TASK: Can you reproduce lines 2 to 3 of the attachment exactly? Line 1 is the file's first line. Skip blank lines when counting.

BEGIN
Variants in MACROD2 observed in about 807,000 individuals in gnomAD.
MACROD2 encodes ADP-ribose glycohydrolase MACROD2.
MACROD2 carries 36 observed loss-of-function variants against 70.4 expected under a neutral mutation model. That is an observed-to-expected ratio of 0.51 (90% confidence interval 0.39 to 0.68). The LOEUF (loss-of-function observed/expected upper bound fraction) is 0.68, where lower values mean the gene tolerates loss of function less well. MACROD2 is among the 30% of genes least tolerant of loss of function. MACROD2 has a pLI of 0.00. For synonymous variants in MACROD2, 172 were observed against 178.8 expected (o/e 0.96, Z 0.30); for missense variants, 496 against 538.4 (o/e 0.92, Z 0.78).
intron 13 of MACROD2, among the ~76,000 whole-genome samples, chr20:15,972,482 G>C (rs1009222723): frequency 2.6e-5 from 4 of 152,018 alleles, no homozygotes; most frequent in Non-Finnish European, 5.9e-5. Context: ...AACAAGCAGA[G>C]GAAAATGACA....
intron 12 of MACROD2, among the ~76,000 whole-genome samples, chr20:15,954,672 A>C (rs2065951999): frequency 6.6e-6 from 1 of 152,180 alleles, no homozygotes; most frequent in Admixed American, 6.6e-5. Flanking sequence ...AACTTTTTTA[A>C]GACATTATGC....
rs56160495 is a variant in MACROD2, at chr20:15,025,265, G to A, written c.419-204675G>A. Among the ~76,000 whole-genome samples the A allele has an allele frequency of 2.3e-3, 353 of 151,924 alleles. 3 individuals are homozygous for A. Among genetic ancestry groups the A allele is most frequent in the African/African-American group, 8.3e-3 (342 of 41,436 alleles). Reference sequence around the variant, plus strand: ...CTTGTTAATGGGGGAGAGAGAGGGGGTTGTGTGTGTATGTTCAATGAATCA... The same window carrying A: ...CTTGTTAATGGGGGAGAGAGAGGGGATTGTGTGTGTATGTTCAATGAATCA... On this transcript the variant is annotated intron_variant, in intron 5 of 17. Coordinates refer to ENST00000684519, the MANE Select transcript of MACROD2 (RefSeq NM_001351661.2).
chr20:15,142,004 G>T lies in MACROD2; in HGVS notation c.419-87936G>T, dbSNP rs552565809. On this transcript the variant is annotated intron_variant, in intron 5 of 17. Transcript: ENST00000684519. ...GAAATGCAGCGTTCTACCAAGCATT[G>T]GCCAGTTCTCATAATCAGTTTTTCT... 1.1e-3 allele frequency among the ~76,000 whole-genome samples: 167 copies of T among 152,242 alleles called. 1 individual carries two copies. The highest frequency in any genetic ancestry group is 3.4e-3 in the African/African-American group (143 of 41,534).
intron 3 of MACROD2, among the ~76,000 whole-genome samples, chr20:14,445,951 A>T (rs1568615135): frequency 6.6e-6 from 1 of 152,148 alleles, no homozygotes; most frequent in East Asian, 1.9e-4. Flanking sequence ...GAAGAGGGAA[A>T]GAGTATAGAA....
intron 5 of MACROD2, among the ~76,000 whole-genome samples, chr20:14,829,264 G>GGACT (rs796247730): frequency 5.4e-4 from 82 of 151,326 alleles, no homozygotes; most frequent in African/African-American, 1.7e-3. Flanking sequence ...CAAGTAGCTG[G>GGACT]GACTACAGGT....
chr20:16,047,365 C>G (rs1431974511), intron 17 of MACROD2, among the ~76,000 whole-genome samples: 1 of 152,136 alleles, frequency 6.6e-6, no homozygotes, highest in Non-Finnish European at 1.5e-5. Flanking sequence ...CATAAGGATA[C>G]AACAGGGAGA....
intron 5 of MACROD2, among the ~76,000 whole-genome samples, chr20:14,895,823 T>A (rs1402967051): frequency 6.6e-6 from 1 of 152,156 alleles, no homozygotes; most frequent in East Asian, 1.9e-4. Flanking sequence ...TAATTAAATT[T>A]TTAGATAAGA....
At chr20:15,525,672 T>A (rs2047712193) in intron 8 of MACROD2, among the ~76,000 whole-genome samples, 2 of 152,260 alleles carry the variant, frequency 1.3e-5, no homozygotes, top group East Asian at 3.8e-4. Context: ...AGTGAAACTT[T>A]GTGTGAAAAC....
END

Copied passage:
MACROD2 encodes ADP-ribose glycohydrolase MACROD2.
MACROD2 carries 36 observed loss-of-function variants against 70.4 expected under a neutral mutation model. That is an observed-to-expected ratio of 0.51 (90% confidence interval 0.39 to 0.68). The LOEUF (loss-of-function observed/expected upper bound fraction) is 0.68, where lower values mean the gene tolerates loss of function less well. MACROD2 is among the 30% of genes least tolerant of loss of function. MACROD2 has a pLI of 0.00. For synonymous variants in MACROD2, 172 were observed against 178.8 expected (o/e 0.96, Z 0.30); for missense variants, 496 against 538.4 (o/e 0.92, Z 0.78).